Editor’s take: While space tourism will no doubt be a big part of Orbital Reef, the potential for further research and space-based manufacturing is arguably much more exciting for the rest of us here on Earth. New techniques gleaned from building things in space, for example, could help boost the effectiveness of everyday products or lead to breakthroughs we haven’t even considered.
Blue Origin has announced plans to build a space station in low Earth orbit. Dubbed Orbital Reef, the facility will be operated as a “mixed use business park” in space for commerce, research and tourism purposes.
Blue Origin is teaming with Sierra Space on the initiative, with additional backing from Boeing, Genesis Engineering Solutions, Redwire Space and Arizona State University. ASU will lead a global consortium of universities that will also play a role in the project, focusing on areas like community needs, advising novice researchers and leading STEM outreach.
Sierra Space, a subsidiary of Sierra Nevada Corporation, is working on Dream Chaser, a spaceplane that’ll be able to transport cargo – and eventually, crew members – to and from low Earth orbit. The plane will be capable of landing on runways worldwide. Genesis Engineering Solutions, meanwhile, will be responsible for the Single Person Spacecraft used for external operations and tourist excursions.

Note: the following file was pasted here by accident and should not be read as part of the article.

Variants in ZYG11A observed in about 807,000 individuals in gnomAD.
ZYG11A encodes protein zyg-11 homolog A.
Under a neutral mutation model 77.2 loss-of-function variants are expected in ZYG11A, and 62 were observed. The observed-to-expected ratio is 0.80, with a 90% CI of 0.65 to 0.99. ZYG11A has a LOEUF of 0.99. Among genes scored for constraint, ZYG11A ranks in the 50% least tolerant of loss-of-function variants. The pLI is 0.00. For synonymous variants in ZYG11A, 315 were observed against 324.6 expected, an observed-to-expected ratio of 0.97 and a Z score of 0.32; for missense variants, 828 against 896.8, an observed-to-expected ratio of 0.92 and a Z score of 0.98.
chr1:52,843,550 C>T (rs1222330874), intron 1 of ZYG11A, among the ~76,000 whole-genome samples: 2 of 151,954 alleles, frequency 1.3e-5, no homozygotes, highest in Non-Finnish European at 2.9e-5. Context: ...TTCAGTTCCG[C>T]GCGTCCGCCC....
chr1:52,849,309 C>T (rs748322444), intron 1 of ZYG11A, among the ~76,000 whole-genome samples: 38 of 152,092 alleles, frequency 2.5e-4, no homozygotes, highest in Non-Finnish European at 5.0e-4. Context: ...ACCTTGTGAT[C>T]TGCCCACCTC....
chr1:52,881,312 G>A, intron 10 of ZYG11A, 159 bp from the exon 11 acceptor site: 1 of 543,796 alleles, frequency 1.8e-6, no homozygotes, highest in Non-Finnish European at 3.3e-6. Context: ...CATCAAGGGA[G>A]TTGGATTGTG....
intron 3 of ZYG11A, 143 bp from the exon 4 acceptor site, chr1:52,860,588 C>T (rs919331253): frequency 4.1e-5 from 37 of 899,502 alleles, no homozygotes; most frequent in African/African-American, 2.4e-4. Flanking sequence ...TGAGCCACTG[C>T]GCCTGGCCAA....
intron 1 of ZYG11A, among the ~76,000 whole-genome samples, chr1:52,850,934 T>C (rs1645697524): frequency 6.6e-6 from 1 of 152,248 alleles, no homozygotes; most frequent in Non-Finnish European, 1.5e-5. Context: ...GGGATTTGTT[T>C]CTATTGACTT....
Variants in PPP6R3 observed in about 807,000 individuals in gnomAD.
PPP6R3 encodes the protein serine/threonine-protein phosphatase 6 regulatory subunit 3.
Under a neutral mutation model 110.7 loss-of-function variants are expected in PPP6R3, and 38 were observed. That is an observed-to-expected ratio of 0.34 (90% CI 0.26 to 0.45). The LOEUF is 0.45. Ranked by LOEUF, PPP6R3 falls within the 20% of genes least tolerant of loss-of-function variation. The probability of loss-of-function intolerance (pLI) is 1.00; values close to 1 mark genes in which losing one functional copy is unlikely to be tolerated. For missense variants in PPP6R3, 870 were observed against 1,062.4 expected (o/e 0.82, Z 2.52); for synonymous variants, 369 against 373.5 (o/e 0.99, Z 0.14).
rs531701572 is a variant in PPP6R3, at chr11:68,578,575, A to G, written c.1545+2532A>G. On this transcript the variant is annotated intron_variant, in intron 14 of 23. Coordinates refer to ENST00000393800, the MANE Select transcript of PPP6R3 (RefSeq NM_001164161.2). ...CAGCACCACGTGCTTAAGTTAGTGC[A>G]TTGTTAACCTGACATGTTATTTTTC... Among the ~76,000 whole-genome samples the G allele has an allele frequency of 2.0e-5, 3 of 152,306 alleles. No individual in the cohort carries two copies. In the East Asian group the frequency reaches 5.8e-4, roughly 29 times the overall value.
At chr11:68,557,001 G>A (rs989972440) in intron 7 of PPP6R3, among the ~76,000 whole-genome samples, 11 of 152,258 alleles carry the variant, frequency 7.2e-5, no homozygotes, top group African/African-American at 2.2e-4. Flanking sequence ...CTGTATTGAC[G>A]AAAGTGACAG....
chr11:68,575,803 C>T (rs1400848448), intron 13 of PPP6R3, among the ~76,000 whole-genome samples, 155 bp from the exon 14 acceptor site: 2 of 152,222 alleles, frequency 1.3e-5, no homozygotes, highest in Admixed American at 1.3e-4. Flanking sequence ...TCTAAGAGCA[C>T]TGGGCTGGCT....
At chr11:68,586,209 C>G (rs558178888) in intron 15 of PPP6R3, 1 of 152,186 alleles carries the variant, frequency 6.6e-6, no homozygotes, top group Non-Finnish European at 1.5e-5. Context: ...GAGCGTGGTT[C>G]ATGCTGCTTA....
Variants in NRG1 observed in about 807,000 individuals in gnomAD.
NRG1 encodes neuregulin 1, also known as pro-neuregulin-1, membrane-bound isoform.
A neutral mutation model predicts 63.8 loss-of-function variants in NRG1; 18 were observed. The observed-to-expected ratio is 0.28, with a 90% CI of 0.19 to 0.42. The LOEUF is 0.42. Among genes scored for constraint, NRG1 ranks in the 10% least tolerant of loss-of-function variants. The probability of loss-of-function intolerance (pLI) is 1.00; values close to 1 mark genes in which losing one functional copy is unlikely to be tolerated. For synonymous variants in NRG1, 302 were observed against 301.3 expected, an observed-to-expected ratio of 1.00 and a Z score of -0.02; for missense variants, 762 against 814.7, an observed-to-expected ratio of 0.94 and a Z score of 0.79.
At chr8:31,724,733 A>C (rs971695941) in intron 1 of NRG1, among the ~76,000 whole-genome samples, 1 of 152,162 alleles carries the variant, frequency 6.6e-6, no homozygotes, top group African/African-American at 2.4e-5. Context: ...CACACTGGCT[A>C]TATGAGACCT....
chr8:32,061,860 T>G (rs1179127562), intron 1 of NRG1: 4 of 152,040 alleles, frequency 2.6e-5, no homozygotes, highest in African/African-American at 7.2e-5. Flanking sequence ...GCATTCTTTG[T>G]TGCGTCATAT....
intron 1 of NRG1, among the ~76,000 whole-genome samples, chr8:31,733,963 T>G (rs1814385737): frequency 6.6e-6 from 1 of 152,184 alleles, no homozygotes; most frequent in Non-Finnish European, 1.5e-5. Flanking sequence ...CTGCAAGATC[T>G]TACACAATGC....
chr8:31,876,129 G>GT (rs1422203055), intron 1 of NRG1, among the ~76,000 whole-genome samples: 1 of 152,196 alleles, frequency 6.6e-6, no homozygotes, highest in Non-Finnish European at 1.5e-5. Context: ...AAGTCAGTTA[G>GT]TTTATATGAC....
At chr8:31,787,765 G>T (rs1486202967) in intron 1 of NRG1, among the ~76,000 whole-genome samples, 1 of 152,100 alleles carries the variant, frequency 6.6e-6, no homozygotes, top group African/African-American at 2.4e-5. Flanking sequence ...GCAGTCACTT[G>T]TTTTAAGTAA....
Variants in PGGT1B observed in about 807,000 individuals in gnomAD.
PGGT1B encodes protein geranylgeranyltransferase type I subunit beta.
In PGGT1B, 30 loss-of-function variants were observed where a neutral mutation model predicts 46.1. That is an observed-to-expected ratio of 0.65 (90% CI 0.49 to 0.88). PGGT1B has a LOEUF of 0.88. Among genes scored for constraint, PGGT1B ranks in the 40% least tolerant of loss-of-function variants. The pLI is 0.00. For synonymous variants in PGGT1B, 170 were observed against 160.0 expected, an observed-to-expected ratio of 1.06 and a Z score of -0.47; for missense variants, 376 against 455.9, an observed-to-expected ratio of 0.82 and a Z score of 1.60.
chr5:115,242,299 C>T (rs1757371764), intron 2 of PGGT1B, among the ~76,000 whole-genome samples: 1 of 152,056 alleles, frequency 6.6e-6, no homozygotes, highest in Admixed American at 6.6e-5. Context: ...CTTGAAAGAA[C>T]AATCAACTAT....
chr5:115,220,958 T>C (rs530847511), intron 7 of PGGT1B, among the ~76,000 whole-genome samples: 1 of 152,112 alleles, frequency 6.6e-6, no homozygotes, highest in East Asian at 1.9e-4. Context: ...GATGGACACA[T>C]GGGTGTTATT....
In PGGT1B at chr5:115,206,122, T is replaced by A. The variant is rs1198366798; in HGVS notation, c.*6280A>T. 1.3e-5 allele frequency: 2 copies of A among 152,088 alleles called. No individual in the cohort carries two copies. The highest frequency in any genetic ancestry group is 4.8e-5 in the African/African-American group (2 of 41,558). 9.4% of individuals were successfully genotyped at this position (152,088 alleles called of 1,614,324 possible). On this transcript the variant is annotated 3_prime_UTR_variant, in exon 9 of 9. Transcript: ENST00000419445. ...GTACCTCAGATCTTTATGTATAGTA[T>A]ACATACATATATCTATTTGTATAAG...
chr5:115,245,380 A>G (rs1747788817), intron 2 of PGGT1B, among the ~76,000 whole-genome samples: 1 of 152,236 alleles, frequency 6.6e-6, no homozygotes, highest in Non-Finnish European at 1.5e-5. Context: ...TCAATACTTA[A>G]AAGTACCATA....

When Orbital Reef opens in the second half of this decade, it’ll have almost the same volume as the International Space Station. The baseline configuration will feature separate science and habitable zones, we’re told, with support for up to 10 people.
Blue Origin to date has flown a total of eight people to the edge of space and back as part of its space tourism business, including founder Jeff Bezos and actor William Shatner.